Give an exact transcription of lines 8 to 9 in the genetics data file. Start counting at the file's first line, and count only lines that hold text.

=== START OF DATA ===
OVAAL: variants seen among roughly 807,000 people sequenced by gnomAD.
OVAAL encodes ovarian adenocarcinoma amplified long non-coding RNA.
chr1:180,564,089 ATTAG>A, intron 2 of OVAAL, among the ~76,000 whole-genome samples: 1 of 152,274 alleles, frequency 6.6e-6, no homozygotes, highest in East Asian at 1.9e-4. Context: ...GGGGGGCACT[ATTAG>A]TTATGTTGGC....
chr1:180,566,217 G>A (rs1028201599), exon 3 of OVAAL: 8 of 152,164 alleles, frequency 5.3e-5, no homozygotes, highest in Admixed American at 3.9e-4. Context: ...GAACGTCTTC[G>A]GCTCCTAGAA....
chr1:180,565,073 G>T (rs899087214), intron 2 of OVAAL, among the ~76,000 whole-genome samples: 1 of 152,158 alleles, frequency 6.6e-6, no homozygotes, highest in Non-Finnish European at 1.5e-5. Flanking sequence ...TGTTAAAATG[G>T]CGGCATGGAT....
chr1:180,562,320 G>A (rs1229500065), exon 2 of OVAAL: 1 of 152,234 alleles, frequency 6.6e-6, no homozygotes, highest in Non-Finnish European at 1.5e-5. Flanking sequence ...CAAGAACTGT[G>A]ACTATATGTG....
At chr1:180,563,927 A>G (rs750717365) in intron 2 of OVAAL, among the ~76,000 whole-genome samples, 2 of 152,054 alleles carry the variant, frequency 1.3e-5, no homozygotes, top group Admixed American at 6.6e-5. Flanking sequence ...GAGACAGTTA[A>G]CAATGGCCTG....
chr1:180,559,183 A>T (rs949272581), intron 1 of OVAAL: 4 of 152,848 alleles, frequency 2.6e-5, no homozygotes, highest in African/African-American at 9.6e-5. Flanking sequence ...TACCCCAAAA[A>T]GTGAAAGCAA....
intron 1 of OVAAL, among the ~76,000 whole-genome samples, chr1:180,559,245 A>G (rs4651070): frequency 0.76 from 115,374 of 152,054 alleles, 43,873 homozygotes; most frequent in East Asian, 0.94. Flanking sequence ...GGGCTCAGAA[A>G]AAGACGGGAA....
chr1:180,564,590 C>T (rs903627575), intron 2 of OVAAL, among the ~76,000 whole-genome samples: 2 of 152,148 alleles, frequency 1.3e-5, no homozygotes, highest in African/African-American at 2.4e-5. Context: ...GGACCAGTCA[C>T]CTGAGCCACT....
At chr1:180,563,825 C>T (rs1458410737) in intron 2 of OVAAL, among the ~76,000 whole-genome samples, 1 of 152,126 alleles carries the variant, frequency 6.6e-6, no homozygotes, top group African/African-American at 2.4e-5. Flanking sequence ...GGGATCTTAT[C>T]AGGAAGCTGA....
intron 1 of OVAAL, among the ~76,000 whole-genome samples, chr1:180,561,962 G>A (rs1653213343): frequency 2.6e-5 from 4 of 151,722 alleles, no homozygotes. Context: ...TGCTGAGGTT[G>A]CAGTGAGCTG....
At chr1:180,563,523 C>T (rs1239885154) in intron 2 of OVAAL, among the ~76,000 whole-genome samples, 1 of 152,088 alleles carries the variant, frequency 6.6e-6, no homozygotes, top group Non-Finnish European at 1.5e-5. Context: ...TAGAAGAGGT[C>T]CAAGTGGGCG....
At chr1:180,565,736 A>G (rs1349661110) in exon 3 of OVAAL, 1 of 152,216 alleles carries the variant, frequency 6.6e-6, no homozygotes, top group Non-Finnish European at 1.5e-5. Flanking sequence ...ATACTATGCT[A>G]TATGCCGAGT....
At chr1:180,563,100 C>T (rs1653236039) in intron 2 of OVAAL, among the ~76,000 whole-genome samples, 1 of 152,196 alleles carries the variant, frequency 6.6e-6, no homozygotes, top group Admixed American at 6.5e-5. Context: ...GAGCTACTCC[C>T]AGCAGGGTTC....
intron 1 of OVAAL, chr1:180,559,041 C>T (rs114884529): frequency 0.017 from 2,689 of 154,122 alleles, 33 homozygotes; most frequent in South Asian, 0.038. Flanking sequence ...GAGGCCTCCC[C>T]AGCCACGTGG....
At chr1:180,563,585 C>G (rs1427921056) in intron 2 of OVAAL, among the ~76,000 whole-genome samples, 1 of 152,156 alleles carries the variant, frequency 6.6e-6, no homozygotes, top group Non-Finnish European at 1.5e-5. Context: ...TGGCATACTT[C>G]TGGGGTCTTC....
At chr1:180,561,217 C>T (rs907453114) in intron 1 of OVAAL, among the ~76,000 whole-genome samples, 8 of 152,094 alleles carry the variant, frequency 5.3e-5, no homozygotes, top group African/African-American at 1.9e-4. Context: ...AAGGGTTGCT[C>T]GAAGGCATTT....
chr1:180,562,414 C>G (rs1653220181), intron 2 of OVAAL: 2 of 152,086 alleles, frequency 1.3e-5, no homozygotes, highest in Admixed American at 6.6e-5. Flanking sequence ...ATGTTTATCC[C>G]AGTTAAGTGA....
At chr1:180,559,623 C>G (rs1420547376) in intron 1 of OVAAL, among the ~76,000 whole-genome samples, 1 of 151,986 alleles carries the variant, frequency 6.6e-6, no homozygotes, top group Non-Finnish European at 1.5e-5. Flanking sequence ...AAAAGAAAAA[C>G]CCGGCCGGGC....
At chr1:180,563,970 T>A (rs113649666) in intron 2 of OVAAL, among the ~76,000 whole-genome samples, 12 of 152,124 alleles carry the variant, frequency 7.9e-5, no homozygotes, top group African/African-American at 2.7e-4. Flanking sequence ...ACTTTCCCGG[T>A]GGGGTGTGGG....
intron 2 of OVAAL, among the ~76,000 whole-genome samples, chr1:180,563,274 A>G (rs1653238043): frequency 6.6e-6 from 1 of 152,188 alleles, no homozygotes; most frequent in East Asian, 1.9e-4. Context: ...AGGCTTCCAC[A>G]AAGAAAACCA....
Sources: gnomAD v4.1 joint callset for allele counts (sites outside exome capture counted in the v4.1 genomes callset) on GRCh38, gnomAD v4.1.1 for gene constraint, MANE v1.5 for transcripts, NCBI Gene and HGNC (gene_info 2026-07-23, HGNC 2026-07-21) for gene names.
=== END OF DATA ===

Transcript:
chr1:180,559,183 A>T (rs949272581), intron 1 of OVAAL: 4 of 152,848 alleles, frequency 2.6e-5, no homozygotes, highest in African/African-American at 9.6e-5. Flanking sequence ...TACCCCAAAA[A>T]GTGAAAGCAA....
intron 1 of OVAAL, among the ~76,000 whole-genome samples, chr1:180,559,245 A>G (rs4651070): frequency 0.76 from 115,374 of 152,054 alleles, 43,873 homozygotes; most frequent in East Asian, 0.94. Flanking sequence ...GGGCTCAGAA[A>G]AAGACGGGAA....